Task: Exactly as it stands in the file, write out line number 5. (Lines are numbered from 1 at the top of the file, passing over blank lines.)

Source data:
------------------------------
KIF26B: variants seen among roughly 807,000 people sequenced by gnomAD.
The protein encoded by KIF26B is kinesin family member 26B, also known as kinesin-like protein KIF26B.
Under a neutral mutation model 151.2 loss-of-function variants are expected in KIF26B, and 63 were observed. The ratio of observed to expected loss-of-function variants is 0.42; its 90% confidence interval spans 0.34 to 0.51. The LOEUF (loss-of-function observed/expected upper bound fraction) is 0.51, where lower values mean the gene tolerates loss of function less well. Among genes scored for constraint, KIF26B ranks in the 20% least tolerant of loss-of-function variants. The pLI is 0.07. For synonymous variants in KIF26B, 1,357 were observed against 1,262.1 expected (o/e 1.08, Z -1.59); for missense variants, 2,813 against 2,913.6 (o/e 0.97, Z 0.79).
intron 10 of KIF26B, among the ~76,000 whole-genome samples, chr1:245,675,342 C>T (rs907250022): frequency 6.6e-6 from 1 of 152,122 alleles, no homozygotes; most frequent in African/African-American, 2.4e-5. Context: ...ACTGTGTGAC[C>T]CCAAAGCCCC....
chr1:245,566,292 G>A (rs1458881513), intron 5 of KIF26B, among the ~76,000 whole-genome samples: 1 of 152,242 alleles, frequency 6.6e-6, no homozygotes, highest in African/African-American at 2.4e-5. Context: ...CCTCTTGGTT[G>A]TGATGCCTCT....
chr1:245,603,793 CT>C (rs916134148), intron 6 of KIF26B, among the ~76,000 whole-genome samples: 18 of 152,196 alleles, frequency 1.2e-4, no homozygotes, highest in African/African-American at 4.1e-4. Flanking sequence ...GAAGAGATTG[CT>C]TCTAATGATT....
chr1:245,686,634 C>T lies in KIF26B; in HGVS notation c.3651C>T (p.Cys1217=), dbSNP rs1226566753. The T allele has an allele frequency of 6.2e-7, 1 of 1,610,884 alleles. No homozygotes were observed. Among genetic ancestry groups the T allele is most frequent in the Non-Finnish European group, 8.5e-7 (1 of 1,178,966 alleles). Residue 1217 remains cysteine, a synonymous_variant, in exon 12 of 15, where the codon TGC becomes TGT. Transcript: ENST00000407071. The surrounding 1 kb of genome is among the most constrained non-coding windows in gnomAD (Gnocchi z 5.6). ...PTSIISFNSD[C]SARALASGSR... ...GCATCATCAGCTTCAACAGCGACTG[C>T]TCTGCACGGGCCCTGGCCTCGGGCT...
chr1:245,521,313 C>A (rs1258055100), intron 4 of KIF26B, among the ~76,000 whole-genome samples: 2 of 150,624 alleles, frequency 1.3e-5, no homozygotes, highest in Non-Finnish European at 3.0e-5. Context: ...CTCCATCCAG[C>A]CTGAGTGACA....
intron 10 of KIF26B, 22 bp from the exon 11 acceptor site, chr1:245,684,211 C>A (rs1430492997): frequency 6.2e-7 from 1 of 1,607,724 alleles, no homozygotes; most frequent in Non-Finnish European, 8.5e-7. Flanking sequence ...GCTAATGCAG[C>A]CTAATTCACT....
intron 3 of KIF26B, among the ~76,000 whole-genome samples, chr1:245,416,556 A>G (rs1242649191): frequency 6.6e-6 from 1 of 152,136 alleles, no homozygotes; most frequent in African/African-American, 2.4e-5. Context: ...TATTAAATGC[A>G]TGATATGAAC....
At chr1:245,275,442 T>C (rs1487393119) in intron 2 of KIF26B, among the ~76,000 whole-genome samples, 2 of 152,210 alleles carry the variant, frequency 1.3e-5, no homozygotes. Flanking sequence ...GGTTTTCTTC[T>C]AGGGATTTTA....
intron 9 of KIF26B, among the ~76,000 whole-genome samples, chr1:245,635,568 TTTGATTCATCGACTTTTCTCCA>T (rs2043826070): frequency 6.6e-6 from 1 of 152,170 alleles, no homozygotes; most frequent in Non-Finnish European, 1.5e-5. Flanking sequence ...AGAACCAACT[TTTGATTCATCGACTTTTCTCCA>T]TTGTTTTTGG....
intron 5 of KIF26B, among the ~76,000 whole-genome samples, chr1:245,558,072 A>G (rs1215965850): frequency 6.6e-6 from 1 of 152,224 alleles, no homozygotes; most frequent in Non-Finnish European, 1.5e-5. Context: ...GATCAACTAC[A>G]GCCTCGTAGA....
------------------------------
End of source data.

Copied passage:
chr1:245,566,292 G>A (rs1458881513), intron 5 of KIF26B, among the ~76,000 whole-genome samples: 1 of 152,242 alleles, frequency 6.6e-6, no homozygotes, highest in African/African-American at 2.4e-5. Context: ...CCTCTTGGTT[G>A]TGATGCCTCT....